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As a financial literacy expert, I know that introducing basic financial concepts to children is a great way to set them up for future financial success. Teaching early money management is the key to raising smart savers and investors, but not every parent knows where to start with these lessons. This guide for teaching your child financial literacy will give you simple ways to get started.
First watch your own language about money.
Be careful of the language you use about money around your children. Do you ever say, “Money doesn’t grow on trees, Pinch your pennies, or Save for a rainy day?” These are negative statements and build fear around the subject of money. And saying, “I can’t afford it” is a negative statement that closes your mind. Instead consider saying, “How can I afford it?” It triggers your subconscious mind and entrepreneurial spirit to find ways to create the money you need to buy what you want. We often underestimate the power of our words.
Why is it important for kids to save money?
Learning how to save money is an important financial skill that will set each child up for better financial success. We all want the best for our children and giving them the gift of financial literacy is a great way to help them become money savvy and financially independent as they grow into responsible adults.
The earlier you start their financial lessons, the more likely they will be to develop the money management skills that will serve them well through each stage of their lives.
How can parents teach their children to manage their finances?
Teaching children how to manage their finances is easier than you might think. Kids are smart and very quick to put new concepts to work. Even kindergarten aged children can understand the benefits of earning and saving money. In fact, as soon as your child can tell the difference between a $1 bill and $20 bill- they are old enough to start learning.
Giving children an allowance for jobs or tasks that are outside of their family and social responsibilities is a great way to develop their money management skills, while teaching them important life skills too. Being paid for completing household chores beyond a reasonable contribution to the family or as part of their own health and wellness will make them far more self-reliant, financially independent with their allowance and it will increase their confidence in their developing levels of responsibility.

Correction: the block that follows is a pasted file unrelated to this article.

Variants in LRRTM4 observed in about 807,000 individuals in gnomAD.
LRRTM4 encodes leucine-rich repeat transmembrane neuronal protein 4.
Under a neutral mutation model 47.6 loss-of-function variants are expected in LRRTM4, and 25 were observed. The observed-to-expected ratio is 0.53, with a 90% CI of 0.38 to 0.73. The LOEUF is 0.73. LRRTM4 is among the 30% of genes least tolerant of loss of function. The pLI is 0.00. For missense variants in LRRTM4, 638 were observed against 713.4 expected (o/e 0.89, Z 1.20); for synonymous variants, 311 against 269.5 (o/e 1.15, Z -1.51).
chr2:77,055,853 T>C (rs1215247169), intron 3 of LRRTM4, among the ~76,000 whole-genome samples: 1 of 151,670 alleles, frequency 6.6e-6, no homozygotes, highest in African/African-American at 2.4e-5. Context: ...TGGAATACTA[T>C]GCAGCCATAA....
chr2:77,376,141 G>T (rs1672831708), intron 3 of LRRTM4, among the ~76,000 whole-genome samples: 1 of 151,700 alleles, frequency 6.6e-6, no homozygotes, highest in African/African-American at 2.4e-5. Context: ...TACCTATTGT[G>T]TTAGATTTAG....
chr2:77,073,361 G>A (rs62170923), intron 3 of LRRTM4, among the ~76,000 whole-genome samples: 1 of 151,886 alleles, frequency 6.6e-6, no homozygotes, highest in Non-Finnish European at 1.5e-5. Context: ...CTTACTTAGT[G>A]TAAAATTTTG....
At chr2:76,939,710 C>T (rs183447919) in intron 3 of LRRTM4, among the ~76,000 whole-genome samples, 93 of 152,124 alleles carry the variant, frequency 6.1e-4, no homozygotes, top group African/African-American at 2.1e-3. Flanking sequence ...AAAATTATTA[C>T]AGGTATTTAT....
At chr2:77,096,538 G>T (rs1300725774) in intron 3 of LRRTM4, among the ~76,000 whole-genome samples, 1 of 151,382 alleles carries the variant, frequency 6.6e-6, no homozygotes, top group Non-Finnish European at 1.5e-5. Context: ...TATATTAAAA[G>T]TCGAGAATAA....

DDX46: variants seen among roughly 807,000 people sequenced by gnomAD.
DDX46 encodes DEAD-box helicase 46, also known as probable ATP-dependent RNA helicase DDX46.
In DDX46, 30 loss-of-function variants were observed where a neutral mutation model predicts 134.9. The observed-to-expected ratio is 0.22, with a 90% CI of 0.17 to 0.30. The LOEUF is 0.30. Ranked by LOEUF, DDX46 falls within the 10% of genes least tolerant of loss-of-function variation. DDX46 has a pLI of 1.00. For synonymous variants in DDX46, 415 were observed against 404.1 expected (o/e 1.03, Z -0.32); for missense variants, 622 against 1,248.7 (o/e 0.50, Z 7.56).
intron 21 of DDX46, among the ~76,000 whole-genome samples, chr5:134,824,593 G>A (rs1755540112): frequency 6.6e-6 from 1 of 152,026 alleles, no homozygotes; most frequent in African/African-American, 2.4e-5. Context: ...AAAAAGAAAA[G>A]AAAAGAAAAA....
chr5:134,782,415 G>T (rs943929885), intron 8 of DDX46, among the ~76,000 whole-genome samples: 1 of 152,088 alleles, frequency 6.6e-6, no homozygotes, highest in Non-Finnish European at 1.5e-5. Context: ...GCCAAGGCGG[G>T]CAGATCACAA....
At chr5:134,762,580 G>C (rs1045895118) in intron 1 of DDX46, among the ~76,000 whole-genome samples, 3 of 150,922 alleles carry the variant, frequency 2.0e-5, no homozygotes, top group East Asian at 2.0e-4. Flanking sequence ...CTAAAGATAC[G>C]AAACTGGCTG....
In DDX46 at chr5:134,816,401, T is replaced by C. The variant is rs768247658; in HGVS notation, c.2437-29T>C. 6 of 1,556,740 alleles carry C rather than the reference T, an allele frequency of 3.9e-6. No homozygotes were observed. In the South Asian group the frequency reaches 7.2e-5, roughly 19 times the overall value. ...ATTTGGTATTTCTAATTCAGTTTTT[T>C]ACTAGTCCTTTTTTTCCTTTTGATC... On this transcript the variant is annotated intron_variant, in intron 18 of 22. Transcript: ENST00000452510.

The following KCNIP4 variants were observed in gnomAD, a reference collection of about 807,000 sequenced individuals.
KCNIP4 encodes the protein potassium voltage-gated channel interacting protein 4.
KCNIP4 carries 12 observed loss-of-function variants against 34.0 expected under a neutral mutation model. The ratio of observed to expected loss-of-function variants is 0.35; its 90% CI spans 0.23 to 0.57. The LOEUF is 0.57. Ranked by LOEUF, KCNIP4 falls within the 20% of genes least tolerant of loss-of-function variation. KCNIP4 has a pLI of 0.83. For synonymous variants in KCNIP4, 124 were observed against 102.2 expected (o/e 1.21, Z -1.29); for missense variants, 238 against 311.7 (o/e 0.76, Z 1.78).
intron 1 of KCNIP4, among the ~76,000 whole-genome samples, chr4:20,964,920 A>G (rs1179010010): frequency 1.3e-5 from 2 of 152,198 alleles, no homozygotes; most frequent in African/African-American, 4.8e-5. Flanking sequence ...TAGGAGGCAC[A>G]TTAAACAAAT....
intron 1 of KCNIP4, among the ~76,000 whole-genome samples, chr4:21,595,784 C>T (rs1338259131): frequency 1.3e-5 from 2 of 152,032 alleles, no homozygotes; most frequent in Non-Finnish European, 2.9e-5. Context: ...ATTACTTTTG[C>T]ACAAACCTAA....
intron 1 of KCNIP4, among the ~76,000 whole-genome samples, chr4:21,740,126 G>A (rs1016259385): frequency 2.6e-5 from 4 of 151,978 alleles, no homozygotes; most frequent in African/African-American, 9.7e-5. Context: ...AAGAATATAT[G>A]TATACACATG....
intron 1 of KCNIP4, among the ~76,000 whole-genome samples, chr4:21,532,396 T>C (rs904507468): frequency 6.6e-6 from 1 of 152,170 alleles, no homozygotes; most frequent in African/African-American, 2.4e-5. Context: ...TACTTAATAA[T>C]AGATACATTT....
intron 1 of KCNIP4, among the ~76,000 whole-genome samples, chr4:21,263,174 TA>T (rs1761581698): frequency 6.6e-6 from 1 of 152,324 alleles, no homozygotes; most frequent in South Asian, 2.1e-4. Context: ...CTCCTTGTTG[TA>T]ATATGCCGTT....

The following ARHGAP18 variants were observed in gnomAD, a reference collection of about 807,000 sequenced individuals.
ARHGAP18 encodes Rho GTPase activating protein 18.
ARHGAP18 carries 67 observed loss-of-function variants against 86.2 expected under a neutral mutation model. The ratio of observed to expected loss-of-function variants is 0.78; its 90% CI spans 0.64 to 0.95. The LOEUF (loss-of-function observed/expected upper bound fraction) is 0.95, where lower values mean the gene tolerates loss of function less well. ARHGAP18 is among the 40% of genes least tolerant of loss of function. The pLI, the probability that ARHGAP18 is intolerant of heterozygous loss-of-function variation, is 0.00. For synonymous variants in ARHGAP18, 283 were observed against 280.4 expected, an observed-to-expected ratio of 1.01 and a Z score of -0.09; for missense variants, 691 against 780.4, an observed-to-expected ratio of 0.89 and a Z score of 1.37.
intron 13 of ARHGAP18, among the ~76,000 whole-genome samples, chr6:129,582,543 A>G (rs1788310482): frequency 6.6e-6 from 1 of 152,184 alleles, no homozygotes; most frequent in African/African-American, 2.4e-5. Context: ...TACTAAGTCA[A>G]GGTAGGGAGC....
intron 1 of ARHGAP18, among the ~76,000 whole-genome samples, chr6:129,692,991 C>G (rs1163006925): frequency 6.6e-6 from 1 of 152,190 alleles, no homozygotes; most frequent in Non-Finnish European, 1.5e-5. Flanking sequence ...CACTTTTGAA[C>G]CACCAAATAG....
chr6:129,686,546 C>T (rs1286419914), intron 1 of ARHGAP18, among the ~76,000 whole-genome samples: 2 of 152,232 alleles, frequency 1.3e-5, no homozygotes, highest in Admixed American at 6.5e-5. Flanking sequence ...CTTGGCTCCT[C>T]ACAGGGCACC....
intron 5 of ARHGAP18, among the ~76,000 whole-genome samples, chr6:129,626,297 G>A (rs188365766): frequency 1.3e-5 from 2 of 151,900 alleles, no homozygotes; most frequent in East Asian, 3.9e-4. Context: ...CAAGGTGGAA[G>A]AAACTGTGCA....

Once they are earning money with their allowance, it’s time to teach them about saving money by opening their first bank account. Kids love to see how the numbers in their bank accounts grow as they contribute to them. Making their trips to the bank a special outing will get them really excited about their financial milestones, which will keep them engaged in building their new financial habits.
The next stage of financial literacy is to teach them how to make real life spending decisions. There will always be the latest and greatest things that will catch your child’s eye. Rather than buying or denying those things, help your child make their own spending decisions and better define the value by discussing what benefit it will bring. By showing them how much the item costs and calculating how long it will take them to save for it, while still contributing to their savings or investing account, they can decide if it is something they really want to purchase. This way they start to learn the value of money, better money management skills and healthier spending habits.
For pre-teens and teens, you can even get them involved in bigger household spending decisions, like computers, furniture, small appliances, and so on. Have them help you with the research, costs and necessary budgeting choices needed to purchase these items without going into debt.
Encouraging your older children to look for other ways to earn extra money, is also a great way to teach financial independence and responsibility. Doing yard work for neighbors, babysitting, selling old toys or outgrown items, or engaging their entrepreneurial skills by starting their own business, like a lemonade stand, are all great ways to support greater financial success.
Every lesson you can teach them when they are young will improve their financial literacy and increase their confidence in the financial decisions they make for themselves as they grow up.
Finally, be sure to celebrate their financial milestones! The things we celebrate are far more likely to be repeated. Every little win your child has, builds his or her confidence and moves him or her toward a successful financial future. That is definitely something to get excited about!
Financial literacy can be a lot of fun, and when it is, you will get even better buy in from your children. That is one of the reasons I created ThriveTime for Teens. In this game, teens start in high school and have part time jobs. They will be faced with money and life decisions like buying cars, managing expenses, giving back to their community, paying for college, using credit cards, buying stocks and starting businesses. The winner is the teen that not only generates income and makes positive financial decisions, but also effectively manages their time and does good for others in their community.
Financial Education is the gift of a lifetime!
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